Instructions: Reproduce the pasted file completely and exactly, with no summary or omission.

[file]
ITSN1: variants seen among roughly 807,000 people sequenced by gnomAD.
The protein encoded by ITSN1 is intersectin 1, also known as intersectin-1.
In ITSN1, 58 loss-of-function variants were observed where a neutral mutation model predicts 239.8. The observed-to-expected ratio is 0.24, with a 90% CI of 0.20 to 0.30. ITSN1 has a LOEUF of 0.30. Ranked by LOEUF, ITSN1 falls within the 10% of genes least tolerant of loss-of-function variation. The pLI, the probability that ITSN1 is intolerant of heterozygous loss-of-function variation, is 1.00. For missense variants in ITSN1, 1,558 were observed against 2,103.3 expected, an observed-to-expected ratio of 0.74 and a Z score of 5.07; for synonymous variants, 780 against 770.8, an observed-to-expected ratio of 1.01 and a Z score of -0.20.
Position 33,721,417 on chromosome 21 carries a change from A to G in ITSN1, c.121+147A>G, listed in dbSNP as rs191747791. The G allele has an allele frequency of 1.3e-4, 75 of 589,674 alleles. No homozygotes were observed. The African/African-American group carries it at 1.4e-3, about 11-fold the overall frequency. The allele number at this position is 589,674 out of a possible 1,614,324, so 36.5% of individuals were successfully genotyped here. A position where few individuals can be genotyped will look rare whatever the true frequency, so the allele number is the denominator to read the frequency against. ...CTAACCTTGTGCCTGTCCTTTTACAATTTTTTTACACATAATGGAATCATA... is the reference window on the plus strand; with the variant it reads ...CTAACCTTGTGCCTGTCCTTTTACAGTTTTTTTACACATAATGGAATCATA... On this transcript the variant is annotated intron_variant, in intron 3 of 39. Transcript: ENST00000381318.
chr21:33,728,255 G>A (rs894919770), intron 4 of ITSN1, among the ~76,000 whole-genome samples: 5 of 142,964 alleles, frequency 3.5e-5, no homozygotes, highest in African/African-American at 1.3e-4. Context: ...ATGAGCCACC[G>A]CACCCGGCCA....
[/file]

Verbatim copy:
ITSN1: variants seen among roughly 807,000 people sequenced by gnomAD.
The protein encoded by ITSN1 is intersectin 1, also known as intersectin-1.
In ITSN1, 58 loss-of-function variants were observed where a neutral mutation model predicts 239.8. The observed-to-expected ratio is 0.24, with a 90% CI of 0.20 to 0.30. ITSN1 has a LOEUF of 0.30. Ranked by LOEUF, ITSN1 falls within the 10% of genes least tolerant of loss-of-function variation. The pLI, the probability that ITSN1 is intolerant of heterozygous loss-of-function variation, is 1.00. For missense variants in ITSN1, 1,558 were observed against 2,103.3 expected, an observed-to-expected ratio of 0.74 and a Z score of 5.07; for synonymous variants, 780 against 770.8, an observed-to-expected ratio of 1.01 and a Z score of -0.20.
Position 33,721,417 on chromosome 21 carries a change from A to G in ITSN1, c.121+147A>G, listed in dbSNP as rs191747791. The G allele has an allele frequency of 1.3e-4, 75 of 589,674 alleles. No homozygotes were observed. The African/African-American group carries it at 1.4e-3, about 11-fold the overall frequency. The allele number at this position is 589,674 out of a possible 1,614,324, so 36.5% of individuals were successfully genotyped here. A position where few individuals can be genotyped will look rare whatever the true frequency, so the allele number is the denominator to read the frequency against. ...CTAACCTTGTGCCTGTCCTTTTACAATTTTTTTACACATAATGGAATCATA... is the reference window on the plus strand; with the variant it reads ...CTAACCTTGTGCCTGTCCTTTTACAGTTTTTTTACACATAATGGAATCATA... On this transcript the variant is annotated intron_variant, in intron 3 of 39. Transcript: ENST00000381318.
chr21:33,728,255 G>A (rs894919770), intron 4 of ITSN1, among the ~76,000 whole-genome samples: 5 of 142,964 alleles, frequency 3.5e-5, no homozygotes, highest in African/African-American at 1.3e-4. Context: ...ATGAGCCACC[G>A]CACCCGGCCA....